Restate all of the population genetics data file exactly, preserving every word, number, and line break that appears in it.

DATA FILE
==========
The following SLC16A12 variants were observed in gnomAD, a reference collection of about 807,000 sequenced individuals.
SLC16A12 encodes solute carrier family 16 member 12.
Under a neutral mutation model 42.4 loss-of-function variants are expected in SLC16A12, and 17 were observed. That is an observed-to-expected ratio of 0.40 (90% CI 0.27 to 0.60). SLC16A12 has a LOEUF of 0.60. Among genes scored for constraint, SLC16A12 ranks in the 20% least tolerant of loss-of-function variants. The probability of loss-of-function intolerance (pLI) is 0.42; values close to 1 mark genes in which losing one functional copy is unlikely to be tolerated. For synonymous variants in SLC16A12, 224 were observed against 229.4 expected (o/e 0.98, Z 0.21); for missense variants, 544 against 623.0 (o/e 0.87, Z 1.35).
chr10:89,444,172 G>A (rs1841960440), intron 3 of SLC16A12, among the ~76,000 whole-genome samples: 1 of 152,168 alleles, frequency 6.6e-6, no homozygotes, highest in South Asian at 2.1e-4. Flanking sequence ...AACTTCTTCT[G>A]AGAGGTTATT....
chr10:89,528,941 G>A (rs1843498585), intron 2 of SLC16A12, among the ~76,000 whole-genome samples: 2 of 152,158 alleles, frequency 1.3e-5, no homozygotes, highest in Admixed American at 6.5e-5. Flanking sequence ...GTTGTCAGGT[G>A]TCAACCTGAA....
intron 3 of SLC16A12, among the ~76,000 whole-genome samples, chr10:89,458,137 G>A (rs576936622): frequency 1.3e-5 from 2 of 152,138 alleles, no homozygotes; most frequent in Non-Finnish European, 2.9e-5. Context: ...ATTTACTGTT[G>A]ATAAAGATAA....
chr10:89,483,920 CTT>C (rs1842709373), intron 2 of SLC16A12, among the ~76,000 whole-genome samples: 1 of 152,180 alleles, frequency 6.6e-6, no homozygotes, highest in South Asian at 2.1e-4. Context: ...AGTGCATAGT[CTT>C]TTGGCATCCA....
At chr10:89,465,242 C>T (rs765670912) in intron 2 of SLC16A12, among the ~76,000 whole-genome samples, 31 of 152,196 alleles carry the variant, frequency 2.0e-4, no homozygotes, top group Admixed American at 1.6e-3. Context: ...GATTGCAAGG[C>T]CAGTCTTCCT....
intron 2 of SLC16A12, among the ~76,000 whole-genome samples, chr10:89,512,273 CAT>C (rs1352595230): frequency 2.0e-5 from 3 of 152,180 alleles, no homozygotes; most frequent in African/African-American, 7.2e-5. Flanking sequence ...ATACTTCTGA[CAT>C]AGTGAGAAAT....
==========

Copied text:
The following SLC16A12 variants were observed in gnomAD, a reference collection of about 807,000 sequenced individuals.
SLC16A12 encodes solute carrier family 16 member 12.
Under a neutral mutation model 42.4 loss-of-function variants are expected in SLC16A12, and 17 were observed. That is an observed-to-expected ratio of 0.40 (90% CI 0.27 to 0.60). SLC16A12 has a LOEUF of 0.60. Among genes scored for constraint, SLC16A12 ranks in the 20% least tolerant of loss-of-function variants. The probability of loss-of-function intolerance (pLI) is 0.42; values close to 1 mark genes in which losing one functional copy is unlikely to be tolerated. For synonymous variants in SLC16A12, 224 were observed against 229.4 expected (o/e 0.98, Z 0.21); for missense variants, 544 against 623.0 (o/e 0.87, Z 1.35).
chr10:89,444,172 G>A (rs1841960440), intron 3 of SLC16A12, among the ~76,000 whole-genome samples: 1 of 152,168 alleles, frequency 6.6e-6, no homozygotes, highest in South Asian at 2.1e-4. Flanking sequence ...AACTTCTTCT[G>A]AGAGGTTATT....
chr10:89,528,941 G>A (rs1843498585), intron 2 of SLC16A12, among the ~76,000 whole-genome samples: 2 of 152,158 alleles, frequency 1.3e-5, no homozygotes, highest in Admixed American at 6.5e-5. Flanking sequence ...GTTGTCAGGT[G>A]TCAACCTGAA....
intron 3 of SLC16A12, among the ~76,000 whole-genome samples, chr10:89,458,137 G>A (rs576936622): frequency 1.3e-5 from 2 of 152,138 alleles, no homozygotes; most frequent in Non-Finnish European, 2.9e-5. Context: ...ATTTACTGTT[G>A]ATAAAGATAA....
chr10:89,483,920 CTT>C (rs1842709373), intron 2 of SLC16A12, among the ~76,000 whole-genome samples: 1 of 152,180 alleles, frequency 6.6e-6, no homozygotes, highest in South Asian at 2.1e-4. Context: ...AGTGCATAGT[CTT>C]TTGGCATCCA....
At chr10:89,465,242 C>T (rs765670912) in intron 2 of SLC16A12, among the ~76,000 whole-genome samples, 31 of 152,196 alleles carry the variant, frequency 2.0e-4, no homozygotes, top group Admixed American at 1.6e-3. Context: ...GATTGCAAGG[C>T]CAGTCTTCCT....
intron 2 of SLC16A12, among the ~76,000 whole-genome samples, chr10:89,512,273 CAT>C (rs1352595230): frequency 2.0e-5 from 3 of 152,180 alleles, no homozygotes; most frequent in African/African-American, 7.2e-5. Flanking sequence ...ATACTTCTGA[CAT>C]AGTGAGAAAT....